Beasley, Donovan, Besler, Shea - Analyst
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Armchair Analyst: Three things we learned from USMNT's Gold Cup victory in Chicago

You remember the difference between the Gold Cup and a World Cup qualifier now, right? You remember that the games we saw leading up to today – the 3-1s, the 6-1s – you remember how and why they don't happen in qualifiers, right?

Because this, today, in Chicago was a World Cup qualifier masquerading as a Gold Cup final. This is how outmatched yet supremely disciplined teams try to gut out results against heavy favorites.

The stakes are only this high in qualifiers and confederation finals. That's why even when the US play great – as they did on Sunday, and as they did against Panama last month in Seattle – expecting anything more than a two-goal win is insane.

I hope you enjoyed the last month, with blowout wins and inflated goal tallies. I sure did. But Panama, in their 1-0 loss, reminded us all that it's now time to return to the grind.

Here are three things we learned from Chicago:

1. Possession without penetration still has a point

I went dark on Twitter for the first 45, so I was pretty shocked to see, when I finally stuck my head up at halftime, how negative things had gotten among the Twitterati. First – and really only – complaint was that the US had a ton of the ball but didn't really create much.

Couple of things on that:

  • Stuart Holden had two great looks in the final third within the first 13 minutes. Both were created by possession.
  • Panama adjusted immediately to those good looks by bringing Gabriel Gómez deeper as a pure destroyer. Nothing up the middle from that point out.
  • The US proceeded to knock the ball in triangles from middle to flank from then until the halftime whistle, and still threatened on set pieces.

The idea behind those triangles was to run the Panamanian wingers – who are tasked with creating all the offense for that team – straight into the ground by the 65th-minute mark.

And yeah, it absolutely, positively worked. Here's a tweet right after Brek Shea's game-winner.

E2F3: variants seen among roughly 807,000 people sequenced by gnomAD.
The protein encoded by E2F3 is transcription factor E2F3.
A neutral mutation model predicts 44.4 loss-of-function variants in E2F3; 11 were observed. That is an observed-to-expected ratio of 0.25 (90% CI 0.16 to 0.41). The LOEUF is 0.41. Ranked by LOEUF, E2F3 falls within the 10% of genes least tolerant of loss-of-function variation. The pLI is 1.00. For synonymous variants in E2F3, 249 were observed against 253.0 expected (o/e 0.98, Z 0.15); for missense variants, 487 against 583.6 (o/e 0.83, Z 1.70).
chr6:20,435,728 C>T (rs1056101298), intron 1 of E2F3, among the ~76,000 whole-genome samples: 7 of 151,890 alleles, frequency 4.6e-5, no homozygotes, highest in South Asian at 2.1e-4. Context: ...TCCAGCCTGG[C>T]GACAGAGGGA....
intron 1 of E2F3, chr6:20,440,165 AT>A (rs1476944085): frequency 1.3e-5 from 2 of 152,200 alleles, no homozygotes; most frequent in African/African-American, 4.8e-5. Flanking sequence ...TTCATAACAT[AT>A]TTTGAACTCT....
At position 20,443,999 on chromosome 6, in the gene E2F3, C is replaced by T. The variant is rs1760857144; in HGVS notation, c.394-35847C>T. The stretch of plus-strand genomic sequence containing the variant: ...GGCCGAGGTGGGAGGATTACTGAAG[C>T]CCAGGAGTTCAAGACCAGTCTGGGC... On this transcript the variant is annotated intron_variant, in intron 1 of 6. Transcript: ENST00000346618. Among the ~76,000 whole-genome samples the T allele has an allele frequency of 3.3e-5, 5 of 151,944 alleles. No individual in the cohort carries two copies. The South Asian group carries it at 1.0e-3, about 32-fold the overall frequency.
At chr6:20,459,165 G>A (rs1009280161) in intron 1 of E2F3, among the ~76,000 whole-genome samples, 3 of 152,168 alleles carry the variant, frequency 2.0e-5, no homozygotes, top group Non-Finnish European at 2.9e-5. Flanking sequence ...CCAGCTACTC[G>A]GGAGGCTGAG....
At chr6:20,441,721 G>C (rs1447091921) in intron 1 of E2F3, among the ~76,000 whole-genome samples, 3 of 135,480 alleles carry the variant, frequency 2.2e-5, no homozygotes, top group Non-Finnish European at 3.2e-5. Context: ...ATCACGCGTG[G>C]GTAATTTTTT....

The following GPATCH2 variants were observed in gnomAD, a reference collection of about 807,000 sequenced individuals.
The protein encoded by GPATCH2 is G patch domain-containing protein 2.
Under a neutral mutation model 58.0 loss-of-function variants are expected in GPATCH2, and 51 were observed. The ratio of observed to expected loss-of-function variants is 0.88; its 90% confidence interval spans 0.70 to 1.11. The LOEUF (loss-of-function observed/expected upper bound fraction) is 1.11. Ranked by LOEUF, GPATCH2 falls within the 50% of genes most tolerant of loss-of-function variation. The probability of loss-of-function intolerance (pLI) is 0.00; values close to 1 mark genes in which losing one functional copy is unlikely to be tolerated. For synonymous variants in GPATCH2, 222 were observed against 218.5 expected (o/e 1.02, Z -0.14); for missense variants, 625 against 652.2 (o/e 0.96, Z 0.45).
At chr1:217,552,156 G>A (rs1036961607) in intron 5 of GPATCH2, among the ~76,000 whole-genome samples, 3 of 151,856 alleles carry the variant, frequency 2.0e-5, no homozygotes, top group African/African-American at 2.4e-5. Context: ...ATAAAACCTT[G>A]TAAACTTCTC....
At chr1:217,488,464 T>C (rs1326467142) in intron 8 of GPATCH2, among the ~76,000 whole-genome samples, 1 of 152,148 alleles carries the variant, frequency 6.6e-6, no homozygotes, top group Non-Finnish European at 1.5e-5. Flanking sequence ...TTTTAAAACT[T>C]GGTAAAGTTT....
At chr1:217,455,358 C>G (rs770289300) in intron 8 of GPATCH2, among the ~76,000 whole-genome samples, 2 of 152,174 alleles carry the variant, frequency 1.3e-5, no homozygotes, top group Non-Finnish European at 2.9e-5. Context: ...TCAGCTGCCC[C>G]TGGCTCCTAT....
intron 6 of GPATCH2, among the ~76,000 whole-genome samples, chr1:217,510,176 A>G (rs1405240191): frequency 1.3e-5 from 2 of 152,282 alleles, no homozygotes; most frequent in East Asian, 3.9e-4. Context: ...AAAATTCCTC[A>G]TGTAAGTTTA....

Alejandro Bedoya's space on the cross, and Shea's space a few minutes later when Eddie Johnson fluffed the easiest chance of the game, happened because nobody could get within five yards of them. Alberto Quintero was so exhausted that by the 80th minute, he'd have lost a 1-v-1 to an orange cone.

Panama tried to rope-a-dope. The US annihilated them with body blows before eventually landing the right hook.

2. With Panama's wingers neutralized, they could only play over the top

Well, they tried playing over the top right at the start, but Clarence Goodson won the first four long balls hit in his direction, and that was that. Then Panama tried to play to the wings, but with Michael Parkhurst and DaMarcus Beasley sitting deep, the US always had numbers. Then in the second half, as the US fullbacks pushed up, the Panamanian wingers got totally pinned.

Below are said wingers' completed passes from the entire second half:

Ask yourself: Was there ever a moment in this game where you felt like Panama were dangerous from the run of play? I can't think of one, and the above graph is why.

I've killed Jurgen Klinsmann in the past here for some bad gameplans – in 2012, he played a lot of checkers. Today he played chess, even if he was six stories up in the Soldier Field press box.

3. Landon will find his right spot

One of the hardest parts of coaching Landon Donovan, according to Bruce Arena, is that he's your best forward, your best withdrawn forward, your best central playmaker, and your best wide midfielder. That kind of means you can't go wrong, but it also means you're always in danger of using your best asset incorrectly.

At this point, though, it's clear that Klinsmann has to find a spot for LD in the starting XI and trust him to figure out how to have the biggest influence on the game. In the first half, with the US fullbacks deep, Landon played off of EJ's shoulder – an out-and-out striker.

In the second half, with the US fullbacks pushing up and the wide play happening deeper in the attacking third, Donovan dropped deeper into the play and became always available in the central channel as a playmaker.

And yeah, he was good at both. What's made him such a phenomenal player over the years is that he understands better than anyone how to create useful partnerships all over the field, and the better the players he's playing with, the more useful those partnerships become.

That's my way of saying I'm looking forward to seeing him out there with Clint Dempsey, Jozy Altidore and Michael Bradley no matter how it's drawn up on the team sheet. You all should be, too.


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